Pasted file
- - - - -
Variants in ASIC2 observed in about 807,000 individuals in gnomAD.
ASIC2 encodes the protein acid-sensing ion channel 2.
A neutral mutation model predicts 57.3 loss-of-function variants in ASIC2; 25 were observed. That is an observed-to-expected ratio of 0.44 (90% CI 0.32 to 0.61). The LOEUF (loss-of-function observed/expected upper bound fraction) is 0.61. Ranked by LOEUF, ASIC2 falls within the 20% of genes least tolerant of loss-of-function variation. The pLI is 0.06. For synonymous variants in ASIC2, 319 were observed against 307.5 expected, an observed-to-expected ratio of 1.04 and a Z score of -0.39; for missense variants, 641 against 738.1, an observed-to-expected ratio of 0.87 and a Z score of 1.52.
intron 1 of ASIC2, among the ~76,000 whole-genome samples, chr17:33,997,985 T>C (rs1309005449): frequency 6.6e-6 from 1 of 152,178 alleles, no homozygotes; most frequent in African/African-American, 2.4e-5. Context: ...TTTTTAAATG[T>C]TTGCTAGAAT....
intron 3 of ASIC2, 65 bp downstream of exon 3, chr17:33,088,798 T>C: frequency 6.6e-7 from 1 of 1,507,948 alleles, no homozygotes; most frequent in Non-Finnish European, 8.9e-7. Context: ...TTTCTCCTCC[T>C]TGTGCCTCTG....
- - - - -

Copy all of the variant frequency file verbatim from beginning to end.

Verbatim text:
Variants in ASIC2 observed in about 807,000 individuals in gnomAD.
ASIC2 encodes the protein acid-sensing ion channel 2.
A neutral mutation model predicts 57.3 loss-of-function variants in ASIC2; 25 were observed. That is an observed-to-expected ratio of 0.44 (90% CI 0.32 to 0.61). The LOEUF (loss-of-function observed/expected upper bound fraction) is 0.61. Ranked by LOEUF, ASIC2 falls within the 20% of genes least tolerant of loss-of-function variation. The pLI is 0.06. For synonymous variants in ASIC2, 319 were observed against 307.5 expected, an observed-to-expected ratio of 1.04 and a Z score of -0.39; for missense variants, 641 against 738.1, an observed-to-expected ratio of 0.87 and a Z score of 1.52.
intron 1 of ASIC2, among the ~76,000 whole-genome samples, chr17:33,997,985 T>C (rs1309005449): frequency 6.6e-6 from 1 of 152,178 alleles, no homozygotes; most frequent in African/African-American, 2.4e-5. Context: ...TTTTTAAATG[T>C]TTGCTAGAAT....
intron 3 of ASIC2, 65 bp downstream of exon 3, chr17:33,088,798 T>C: frequency 6.6e-7 from 1 of 1,507,948 alleles, no homozygotes; most frequent in Non-Finnish European, 8.9e-7. Context: ...TTTCTCCTCC[T>C]TGTGCCTCTG....